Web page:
All Aboard Harvest | Same conversation, different highway
post-template-default,single,single-post,postid-9584,single-format-standard,qode-quick-links-1.0,ajax_fade,page_not_loaded,,qode-title-hidden,qode-theme-ver-11.2,qode-theme-bridge,wpb-js-composer js-comp-ver-5.4.7,vc_responsive

Same conversation, different highway

Hemingford, Nebraska—Where has the summer gone? Osowski Ag Service is officially at the last stop of our southern harvest trail—Hemingford, Nebraska. Next stop is home and boy, does that feel weird to say. The wheat we cut in Big Springs averaged around 30 bushels per acre with test weights around 58 pounds.

Let me tell you something about Hemingford—there are harvesters EVERYWHERE. Combines are parked in every nook and cranny in the town. We had to call everyone but the mayor to find a camping spot. Every available water spigot and power box has a trailer attached to it. I was thinking we might end up setting up camp in the country somewhere with no power or water. That’s how camping is supposed to be anyway, right? Well, we got lucky. We called another harvest friend of ours who had two spots saved for him and his crew and it turns out, he was only going to bring one camper up. We are now nestled into our new temporary home, surrounded by other harvest crews. It’s pretty perfect.

It’s a funny thing about conversations that are had over the radio as we travel—they are always the same but yet different at the same time. The questions and topics are the same but for obvious reasons while traveling, the answers never are. We always discuss how much wheat has been cut in the area, how the wheat looks, what crews we see along the way, if that restaurant was open last year or if it’s a new development, if that chunk of tire was laying there the whole time or if it’s a piece of one of ours, and so on. Just your typical harvester chitchat!

The Hemingford area has been receiving copious amounts of rain in the last week. One of our neighbors here in the campground said they have been here almost a week and have only been in the field one day. We also heard another story of a crew that got both combines, the grain cart, and the pull tractor stuck in their field. The only piece of machinery that was not stuck was the header. Surely we will be adding our own stories to these before long!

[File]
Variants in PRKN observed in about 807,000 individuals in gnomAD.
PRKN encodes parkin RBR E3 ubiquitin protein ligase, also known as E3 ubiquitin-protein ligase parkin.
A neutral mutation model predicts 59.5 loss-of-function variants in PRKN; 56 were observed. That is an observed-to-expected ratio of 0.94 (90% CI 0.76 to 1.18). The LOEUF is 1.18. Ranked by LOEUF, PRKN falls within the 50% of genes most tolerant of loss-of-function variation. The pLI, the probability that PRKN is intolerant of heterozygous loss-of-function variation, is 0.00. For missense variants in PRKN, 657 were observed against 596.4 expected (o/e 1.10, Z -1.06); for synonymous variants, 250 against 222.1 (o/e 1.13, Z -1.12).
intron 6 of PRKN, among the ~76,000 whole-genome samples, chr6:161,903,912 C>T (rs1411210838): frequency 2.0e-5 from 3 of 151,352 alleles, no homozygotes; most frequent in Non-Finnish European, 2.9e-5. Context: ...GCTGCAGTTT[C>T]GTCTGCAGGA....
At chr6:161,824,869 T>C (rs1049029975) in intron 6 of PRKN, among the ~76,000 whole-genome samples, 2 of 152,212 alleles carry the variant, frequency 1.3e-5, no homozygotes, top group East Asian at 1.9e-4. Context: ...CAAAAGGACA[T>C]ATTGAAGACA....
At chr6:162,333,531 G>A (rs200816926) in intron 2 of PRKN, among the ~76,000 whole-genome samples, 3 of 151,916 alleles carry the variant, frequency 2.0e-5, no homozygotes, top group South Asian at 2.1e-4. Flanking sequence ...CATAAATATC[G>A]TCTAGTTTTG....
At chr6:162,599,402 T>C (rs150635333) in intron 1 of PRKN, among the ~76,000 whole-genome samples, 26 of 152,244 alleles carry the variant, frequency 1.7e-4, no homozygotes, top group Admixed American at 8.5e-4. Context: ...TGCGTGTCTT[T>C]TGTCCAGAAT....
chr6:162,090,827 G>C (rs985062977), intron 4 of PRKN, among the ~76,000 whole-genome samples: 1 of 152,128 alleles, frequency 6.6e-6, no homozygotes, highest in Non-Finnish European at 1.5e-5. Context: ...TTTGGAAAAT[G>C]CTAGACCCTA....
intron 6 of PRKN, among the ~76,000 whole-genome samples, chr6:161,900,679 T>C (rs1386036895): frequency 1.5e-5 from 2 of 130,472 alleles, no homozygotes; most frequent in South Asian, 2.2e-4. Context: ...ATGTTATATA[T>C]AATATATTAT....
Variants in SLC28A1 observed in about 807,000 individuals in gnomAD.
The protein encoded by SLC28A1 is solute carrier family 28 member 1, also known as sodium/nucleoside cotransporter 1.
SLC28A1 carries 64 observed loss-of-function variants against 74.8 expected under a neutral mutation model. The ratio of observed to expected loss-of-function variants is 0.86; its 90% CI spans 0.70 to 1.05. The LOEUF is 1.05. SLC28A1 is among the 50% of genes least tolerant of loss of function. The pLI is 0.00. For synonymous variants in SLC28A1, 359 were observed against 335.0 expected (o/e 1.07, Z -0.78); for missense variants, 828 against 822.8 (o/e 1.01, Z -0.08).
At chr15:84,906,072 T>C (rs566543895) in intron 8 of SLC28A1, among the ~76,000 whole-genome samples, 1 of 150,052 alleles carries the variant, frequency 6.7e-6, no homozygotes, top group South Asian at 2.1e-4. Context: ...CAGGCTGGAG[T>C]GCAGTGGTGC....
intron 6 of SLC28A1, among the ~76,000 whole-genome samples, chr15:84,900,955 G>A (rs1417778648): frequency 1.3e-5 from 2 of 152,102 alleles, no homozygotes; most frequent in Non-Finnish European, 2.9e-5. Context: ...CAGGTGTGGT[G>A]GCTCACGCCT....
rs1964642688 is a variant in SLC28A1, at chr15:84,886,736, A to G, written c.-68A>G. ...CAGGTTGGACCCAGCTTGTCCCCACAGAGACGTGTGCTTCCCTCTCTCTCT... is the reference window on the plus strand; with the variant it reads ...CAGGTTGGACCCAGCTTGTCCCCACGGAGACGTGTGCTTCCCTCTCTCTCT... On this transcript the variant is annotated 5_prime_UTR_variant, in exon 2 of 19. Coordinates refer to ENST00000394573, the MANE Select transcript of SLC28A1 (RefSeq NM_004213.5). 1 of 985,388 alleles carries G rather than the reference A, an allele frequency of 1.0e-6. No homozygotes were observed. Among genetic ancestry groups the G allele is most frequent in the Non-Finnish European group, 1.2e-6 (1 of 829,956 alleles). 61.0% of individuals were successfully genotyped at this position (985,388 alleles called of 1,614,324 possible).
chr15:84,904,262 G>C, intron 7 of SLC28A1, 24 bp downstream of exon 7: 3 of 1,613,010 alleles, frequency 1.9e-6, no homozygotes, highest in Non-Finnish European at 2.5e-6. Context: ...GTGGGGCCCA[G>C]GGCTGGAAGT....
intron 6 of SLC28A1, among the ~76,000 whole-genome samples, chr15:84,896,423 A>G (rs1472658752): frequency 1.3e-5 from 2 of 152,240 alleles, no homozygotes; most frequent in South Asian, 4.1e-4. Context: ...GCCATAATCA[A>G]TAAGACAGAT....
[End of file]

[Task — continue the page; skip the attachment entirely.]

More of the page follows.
Quote of the Day—“A stubble stomping harvest queen!”
(One of our harvest friends called me this, and I can’t quit laughing about it!)

Stuff Harvesters Like—Being surrounded by your own kind in the campground. One big, happy harvest family!

Pictures are all from Big Springs/Oshkosh, Nebraska!

Dad and Farmer Clint.

Dad and Farmer Clint, discussing life on the end of the field.


Unloading in Oshkosh, Neb.

Purple unloading at the Oshkosh elevator.

Brandon, cutting away.

Love that lighting.Dodge sunset.

All Aboard Wheat Harvest™ is sponsored by High Plains Journal and New Holland Agriculture. You can contact Steph at

  • Ed Schloz
    Posted at 08:04h, 24 July

    Hey…“A stubble stomping harvest queen!”, I enjoy your stories and pictures.

    • Steph Osowski
      Posted at 13:39h, 25 July

      Haha thank you, Ed! 🙂

  • Rita bennett
    Posted at 17:04h, 24 July

    Enjoying following harvest trail. Watching live streaming and wondering how large the fields in acres. Largest fields in northwest Ohio might be 250-300 acres but average closer to 100-150. Too many trees and houses, which I don’t see on your pictures.

  • Larry Dewey
    Posted at 20:21h, 24 July

    Does your truck Purple have to unload all that wheat through the little door or can the entire tale gate be opened?

    • Steph Osowski
      Posted at 13:35h, 25 July

      At some elevators (such as the one where that picture was taken), it can only handle so much grain at a time. The entire back end of Purple is capable of being opened though! Often times the workers will open the small door to let pressure off and then open the middle door. Thanks for your question!

  • mr.Dirks
    Posted at 22:07h, 24 July

    how do the farmers harvest 20to 30bu wheat hire the cutting done and still make money just curios

    • Steph Osowski
      Posted at 13:33h, 25 July

      Every year is unpredictable so it’s just one of those deals where you have to roll with the punches, pray for a better year next year. Thank you for your question!